Sir Stanley William Wells CBE (born 21 May 1930) is a Shakespearean scholar, writer, professor and editor who has been honorary president of the Shakespeare Birthplace Trust, professor emeritus at the University of Birmingham, and author of a number of books about Shakespeare, including Shakespeare Sex and Love, and is general editor of the Oxford and Penguin Shakespeares. He lives in Stratford-upon-Avon and was educated in English at University College, London.

Wells was born in Hull, the son of Stanley Cecil Wells MBE and Doris Wells.[1][2] His father was a bus company traffic manager.[3] Wells was educated at the Kingston High School grammar school in Hull.[2] Wells took a degree in English at University College, London. He was invalided out of national service for the RAF in 1951.[4] He became a Hampshire school teacher before moving to Stratford to complete his PhD. He was awarded his PhD in English by Birmingham University in 1961.[5]

Wells was awarded an honorary DLitt by the University of Warwick in 2008. He was Professor of Shakespeare Studies and director of the Shakespeare Institute (University of Birmingham) 1988–1997, and is now emeritus professor of Shakespeare Studies.

Wells is co-editor (with Gary Taylor, John Jowett and William Montgomery) of the Oxford Complete Works and (with Michael Dobson) the Oxford Companion to Shakespeare, and has been general editor of the Oxford Shakespeare series since 1978.[6] He is married to the writer Susan Hill, who reportedly separated from him in 2015.[7][8]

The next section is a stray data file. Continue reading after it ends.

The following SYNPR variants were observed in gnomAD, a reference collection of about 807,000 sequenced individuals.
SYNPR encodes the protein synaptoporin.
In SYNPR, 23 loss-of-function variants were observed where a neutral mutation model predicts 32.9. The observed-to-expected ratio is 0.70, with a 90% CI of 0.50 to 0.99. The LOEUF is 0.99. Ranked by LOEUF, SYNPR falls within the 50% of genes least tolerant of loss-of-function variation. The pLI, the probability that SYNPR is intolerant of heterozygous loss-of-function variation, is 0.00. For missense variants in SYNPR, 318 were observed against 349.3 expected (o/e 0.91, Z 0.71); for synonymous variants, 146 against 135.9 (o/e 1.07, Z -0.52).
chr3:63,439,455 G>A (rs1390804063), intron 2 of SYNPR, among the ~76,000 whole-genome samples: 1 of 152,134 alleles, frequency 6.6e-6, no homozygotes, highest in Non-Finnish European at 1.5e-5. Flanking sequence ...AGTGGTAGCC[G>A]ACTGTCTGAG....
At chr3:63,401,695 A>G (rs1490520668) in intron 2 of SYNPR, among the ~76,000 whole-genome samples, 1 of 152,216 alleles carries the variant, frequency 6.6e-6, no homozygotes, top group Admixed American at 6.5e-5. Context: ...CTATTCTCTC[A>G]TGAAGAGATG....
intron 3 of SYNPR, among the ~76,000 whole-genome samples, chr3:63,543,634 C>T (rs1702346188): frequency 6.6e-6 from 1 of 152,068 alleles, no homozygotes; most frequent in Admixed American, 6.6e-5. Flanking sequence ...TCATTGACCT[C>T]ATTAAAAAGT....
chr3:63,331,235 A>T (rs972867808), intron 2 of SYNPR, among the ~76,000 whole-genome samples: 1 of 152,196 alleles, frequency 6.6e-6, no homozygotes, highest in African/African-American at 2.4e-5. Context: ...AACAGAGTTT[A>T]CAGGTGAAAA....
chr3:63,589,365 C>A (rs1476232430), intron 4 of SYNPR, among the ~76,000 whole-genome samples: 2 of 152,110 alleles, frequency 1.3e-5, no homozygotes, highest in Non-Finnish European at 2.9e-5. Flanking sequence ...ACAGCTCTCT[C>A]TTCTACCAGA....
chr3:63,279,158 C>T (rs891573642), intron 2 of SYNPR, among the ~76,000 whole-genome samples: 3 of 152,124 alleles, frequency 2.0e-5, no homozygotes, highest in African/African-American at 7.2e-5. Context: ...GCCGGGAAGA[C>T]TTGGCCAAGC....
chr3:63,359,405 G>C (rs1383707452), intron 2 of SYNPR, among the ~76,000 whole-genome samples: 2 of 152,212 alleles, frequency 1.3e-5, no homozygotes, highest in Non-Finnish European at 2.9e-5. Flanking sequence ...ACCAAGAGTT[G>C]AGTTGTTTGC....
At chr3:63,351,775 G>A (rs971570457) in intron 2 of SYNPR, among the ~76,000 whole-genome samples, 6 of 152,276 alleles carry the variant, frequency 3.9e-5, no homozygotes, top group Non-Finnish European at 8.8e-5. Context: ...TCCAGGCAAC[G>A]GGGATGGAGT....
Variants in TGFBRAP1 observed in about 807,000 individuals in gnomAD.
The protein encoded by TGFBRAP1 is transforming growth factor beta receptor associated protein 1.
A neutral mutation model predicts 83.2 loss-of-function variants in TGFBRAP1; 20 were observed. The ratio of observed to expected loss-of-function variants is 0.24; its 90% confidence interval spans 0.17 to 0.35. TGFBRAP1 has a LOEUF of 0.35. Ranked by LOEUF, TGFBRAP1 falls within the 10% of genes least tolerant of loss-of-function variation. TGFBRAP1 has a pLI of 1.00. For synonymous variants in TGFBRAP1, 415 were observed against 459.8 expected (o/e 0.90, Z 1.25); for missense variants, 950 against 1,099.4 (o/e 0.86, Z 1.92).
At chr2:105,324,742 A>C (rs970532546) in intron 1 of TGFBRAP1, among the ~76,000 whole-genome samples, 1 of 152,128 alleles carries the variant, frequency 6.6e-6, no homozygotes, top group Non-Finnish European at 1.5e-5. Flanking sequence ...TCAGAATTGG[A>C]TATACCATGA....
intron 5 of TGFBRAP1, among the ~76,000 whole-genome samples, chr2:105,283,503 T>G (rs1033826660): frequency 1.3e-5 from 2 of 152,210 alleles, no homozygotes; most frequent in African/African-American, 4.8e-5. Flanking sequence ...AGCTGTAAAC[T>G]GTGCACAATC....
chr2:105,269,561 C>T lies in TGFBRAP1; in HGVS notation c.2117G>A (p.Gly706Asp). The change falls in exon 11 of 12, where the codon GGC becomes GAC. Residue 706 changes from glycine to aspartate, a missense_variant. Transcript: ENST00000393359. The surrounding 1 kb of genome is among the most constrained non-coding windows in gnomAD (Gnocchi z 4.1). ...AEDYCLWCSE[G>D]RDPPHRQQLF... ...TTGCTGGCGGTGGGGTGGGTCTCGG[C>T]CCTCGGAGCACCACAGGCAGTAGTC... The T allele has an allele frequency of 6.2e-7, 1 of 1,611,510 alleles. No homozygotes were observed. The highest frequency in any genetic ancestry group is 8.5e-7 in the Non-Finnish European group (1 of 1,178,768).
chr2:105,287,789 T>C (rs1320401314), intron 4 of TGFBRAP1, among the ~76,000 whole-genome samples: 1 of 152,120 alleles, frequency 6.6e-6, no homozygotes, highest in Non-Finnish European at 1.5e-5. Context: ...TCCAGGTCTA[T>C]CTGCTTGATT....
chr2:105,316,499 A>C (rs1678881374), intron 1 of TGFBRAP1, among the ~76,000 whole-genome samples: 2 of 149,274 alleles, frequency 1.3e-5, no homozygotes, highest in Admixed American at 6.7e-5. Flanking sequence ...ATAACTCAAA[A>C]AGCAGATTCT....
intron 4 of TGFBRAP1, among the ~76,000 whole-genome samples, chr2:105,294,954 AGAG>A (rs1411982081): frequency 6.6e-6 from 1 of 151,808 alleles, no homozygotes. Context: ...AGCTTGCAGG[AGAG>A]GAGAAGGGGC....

Wells was appointed a Commander of the Order of the British Empire (CBE) in the 2007 Birthday Honours for services to literature.[9]

In 2009, Wells revealed the existence of the Cobbe portrait. He stated his belief, based on three years of research, that the portrait is a true portrait of Shakespeare, painted from life.

On 20 October 2009 he appeared on BBC 4’s comedy panel show It’s Only a Theory – defending the prevailing opinion within contemporary Shakespeare studies that ‘The plays of William Shakespeare were written by William Shakespeare of Stratford-Upon-Avon’ and debunking the theory that Shakespeare’s plays were written by some of his contemporaries.

In June 2010, he was awarded the Sam Wanamaker Award by Shakespeare’s Globe, an award given annually in the name of the Globe’s founder Sam Wanamaker to celebrate work which has increased the understanding and enjoyment of Shakespeare.

In 2013, together with Rev. Dr. Paul Edmondson, he called upon the Dean and Chapter of Westminster Abbey to remove the question mark which appears in place of a date of death in the memorial window to Christopher Marlowe in Poets’ Corner in Westminster Abbey.

Wells was knighted in the 2016 Birthday Honours for services to scholarship.

He is the father of author Jessica Ruston.